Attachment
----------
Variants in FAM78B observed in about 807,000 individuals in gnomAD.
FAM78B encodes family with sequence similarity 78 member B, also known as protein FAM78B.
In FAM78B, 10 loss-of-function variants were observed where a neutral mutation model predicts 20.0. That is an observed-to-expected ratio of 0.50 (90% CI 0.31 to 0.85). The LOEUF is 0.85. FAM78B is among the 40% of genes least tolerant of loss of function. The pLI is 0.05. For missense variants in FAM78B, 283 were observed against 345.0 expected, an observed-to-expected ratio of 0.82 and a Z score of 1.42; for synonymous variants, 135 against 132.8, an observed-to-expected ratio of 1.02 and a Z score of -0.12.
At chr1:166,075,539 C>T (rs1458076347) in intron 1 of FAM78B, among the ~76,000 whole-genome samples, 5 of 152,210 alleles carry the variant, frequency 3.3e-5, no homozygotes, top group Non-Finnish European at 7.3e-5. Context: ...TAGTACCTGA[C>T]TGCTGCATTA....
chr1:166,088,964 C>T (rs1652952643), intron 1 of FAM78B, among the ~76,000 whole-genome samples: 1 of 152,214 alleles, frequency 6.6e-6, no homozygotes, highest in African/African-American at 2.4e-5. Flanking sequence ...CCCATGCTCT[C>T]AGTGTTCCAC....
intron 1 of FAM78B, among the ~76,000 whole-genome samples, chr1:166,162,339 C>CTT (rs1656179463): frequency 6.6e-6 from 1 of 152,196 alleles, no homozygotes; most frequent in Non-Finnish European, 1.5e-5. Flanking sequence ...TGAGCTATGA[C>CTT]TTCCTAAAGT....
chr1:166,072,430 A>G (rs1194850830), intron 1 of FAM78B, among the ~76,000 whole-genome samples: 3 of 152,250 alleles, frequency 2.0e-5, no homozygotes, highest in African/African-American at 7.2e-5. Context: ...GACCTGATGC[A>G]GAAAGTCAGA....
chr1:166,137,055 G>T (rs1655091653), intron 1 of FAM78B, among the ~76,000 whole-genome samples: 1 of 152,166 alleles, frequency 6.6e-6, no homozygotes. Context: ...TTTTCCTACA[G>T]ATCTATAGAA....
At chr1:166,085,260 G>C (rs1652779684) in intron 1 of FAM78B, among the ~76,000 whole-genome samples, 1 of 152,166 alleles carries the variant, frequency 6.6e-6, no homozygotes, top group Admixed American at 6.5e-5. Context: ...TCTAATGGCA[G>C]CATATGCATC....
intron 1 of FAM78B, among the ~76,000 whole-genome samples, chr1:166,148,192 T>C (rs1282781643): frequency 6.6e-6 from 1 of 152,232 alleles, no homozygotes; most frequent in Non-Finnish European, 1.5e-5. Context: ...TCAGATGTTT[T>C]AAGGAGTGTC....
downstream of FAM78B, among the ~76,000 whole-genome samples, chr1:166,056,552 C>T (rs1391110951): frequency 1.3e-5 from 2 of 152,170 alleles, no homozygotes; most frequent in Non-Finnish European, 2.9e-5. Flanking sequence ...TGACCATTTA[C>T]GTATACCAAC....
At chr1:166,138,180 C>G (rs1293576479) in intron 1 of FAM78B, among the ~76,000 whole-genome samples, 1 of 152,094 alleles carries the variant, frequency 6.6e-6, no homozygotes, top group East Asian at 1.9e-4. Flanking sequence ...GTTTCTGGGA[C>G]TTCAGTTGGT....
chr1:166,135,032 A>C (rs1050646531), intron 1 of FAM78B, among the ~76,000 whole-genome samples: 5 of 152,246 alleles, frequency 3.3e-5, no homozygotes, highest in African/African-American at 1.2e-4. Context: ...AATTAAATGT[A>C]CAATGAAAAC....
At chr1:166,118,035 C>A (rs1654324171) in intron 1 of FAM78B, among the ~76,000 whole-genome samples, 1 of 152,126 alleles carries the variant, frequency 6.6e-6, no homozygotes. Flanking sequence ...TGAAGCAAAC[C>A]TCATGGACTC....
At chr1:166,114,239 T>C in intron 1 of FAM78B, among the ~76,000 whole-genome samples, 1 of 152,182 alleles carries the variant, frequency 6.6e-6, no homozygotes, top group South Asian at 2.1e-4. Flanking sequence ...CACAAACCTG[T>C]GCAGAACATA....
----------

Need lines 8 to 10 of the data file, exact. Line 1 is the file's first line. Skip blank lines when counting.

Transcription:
chr1:166,137,055 G>T (rs1655091653), intron 1 of FAM78B, among the ~76,000 whole-genome samples: 1 of 152,166 alleles, frequency 6.6e-6, no homozygotes. Context: ...TTTTCCTACA[G>T]ATCTATAGAA....
At chr1:166,085,260 G>C (rs1652779684) in intron 1 of FAM78B, among the ~76,000 whole-genome samples, 1 of 152,166 alleles carries the variant, frequency 6.6e-6, no homozygotes, top group Admixed American at 6.5e-5. Context: ...TCTAATGGCA[G>C]CATATGCATC....
intron 1 of FAM78B, among the ~76,000 whole-genome samples, chr1:166,148,192 T>C (rs1282781643): frequency 6.6e-6 from 1 of 152,232 alleles, no homozygotes; most frequent in Non-Finnish European, 1.5e-5. Context: ...TCAGATGTTT[T>C]AAGGAGTGTC....